-The Reasons Ellen’s Administration Failed To Establish Special Court of Justice?

By Reuben Sei Waylaun

At long last, former President Ellen Johnson Sirleaf has revealed the reasons behind the failure of her administration to establish a special court of justice for people who committed atrocities and heinous crimes during the brutal 14-year Liberian civil unrest.

former President Ellen Johnson Sirleaf

The former Liberian leader’s administration came under serious public criticisms for her reported failure to implement the recommendations from the Truth and Reconciliation Commission (TRC).

In its recommendations, the TRC calls for the prosecution of those who committed atrocities in the country and banning other Liberians including the former Liberian leader herself from holding public offices for thirty years for their roles in the war.

Ellen Johnson Sirleaf herself told the TRC during its nationwide hearing that she gave US$10,000.00 to the convicted leader of the then National Patriotic Front of Liberia (NPFL), Charles Ghankay Taylor, but the reasons behind the amount yet to be known.

flashback: militia soldiers in Liberia

However, after exiting the Liberian presidency following her 12-year regime, the former Liberian chief executive has revealed the reasons behind her failure to established the special court of justice in the country.

In an exclusive interview with the BRINKWIRE after receiving this year’s Mo Ibrahim Prize in Kigali, Rwanda, madam Ellen Johnson Sirleaf said her administration tried to establish a court because they had so many people that were major leaders of war, warlords, who not only were a part of society, but had been elected by their people to different positions.

“If you consider the thousands and thousands of people that were involved in atrocities, you would have had to have spent all your resources, time and technology on the courts. That’s not to say we don’t believe in justice. But if you look at the history of nations, the sequence and timing of justice has to take place in consideration of the context of the society,” she defended.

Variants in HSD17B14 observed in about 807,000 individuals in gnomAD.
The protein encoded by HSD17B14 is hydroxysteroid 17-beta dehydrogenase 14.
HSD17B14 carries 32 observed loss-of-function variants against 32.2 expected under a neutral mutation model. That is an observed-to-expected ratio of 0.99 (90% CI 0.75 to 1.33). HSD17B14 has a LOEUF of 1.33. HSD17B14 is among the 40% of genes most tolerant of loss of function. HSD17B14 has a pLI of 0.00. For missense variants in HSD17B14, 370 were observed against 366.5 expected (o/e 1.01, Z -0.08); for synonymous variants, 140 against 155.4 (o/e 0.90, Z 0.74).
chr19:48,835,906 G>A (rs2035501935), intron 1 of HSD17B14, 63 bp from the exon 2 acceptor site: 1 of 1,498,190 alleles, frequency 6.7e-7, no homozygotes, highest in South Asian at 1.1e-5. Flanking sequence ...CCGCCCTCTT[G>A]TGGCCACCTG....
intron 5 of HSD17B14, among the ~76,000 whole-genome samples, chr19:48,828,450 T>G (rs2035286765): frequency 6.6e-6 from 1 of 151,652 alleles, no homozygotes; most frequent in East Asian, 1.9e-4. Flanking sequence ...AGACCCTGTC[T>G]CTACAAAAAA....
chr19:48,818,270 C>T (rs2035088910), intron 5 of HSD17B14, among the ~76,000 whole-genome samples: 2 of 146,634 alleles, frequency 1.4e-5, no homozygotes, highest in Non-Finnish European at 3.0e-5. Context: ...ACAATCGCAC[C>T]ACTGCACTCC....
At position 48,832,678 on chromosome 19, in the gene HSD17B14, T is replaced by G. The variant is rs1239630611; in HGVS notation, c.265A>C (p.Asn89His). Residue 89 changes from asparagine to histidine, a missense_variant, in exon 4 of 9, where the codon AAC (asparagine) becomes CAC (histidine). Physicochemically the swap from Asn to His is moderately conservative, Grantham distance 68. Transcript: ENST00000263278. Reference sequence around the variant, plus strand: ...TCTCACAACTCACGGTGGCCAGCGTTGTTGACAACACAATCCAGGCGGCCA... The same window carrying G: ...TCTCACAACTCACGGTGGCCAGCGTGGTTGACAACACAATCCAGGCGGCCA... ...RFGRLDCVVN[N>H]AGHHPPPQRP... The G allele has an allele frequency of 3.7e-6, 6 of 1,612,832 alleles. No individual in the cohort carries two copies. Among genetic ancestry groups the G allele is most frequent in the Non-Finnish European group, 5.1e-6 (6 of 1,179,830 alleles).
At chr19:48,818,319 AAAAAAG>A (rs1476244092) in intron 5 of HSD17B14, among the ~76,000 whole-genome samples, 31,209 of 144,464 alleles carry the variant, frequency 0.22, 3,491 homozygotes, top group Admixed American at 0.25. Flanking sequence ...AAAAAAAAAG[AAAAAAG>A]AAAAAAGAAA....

The former Unity Political leader said she is referring to all of those who were considered warlords, perpetrators or participants.

“It’s hard to pinpoint any one person. There are key people and there were thousands of other people. And we were coming out of all these years of conflict. What we wanted to do was [to build] peace, to get people to have a commitment to a future that we have reconciliation, that we have justice, that we have basic developments returned to them. We couldn’t do it in those first initial years. We chose not to do things that would have taken us back to war. Because the record is clear. Post-conflict countries that do not manage well, revert to war,” she added.

flashback: Liberia seeking refuge

At the same time, madam Sirleaf said the most overwhelming achievement was sustained peace.

“As you know, Liberia had almost two decades of conflict that destroyed our economy, our institutions, hurt and displaced a lot of people. In a few months’ time, we can say proudly that we have had 15 consecutive years of peace. And we’ve also [furthered]the protection and promotion of freedoms, Liberia’s civil society, Liberian people generally. The media for once had full access and full liberties to take part in society, to criticize, to comment, to pass judgement – sometimes to even be irresponsible.

“Having been devastated for so long, I think what we were able to accomplish in terms of returning the economy to growth, rebuilding institutions and rebuilding infrastructure gave them hope that the future will be secured,” she recounted.

She said governance is changing on the African continent which is manifested in the many peaceful transitions taking place across the continent.

Ellen Johnson Sirleaf is the first woman to receive the prestigious Ibrahim Prize, awarded to African leaders for good governance and commendable leadership. Sirleaf took office after Liberia emerged from a 14-year civil war.

Meanwhile, while Sirleaf is criticized for Liberia’s struggling infrastructure development and the handling of corruption in her administration, the Mo Ibrahim Foundation said Liberia was the only African country to improve in every category of the organization’s Ibrahim Index of African Governance.

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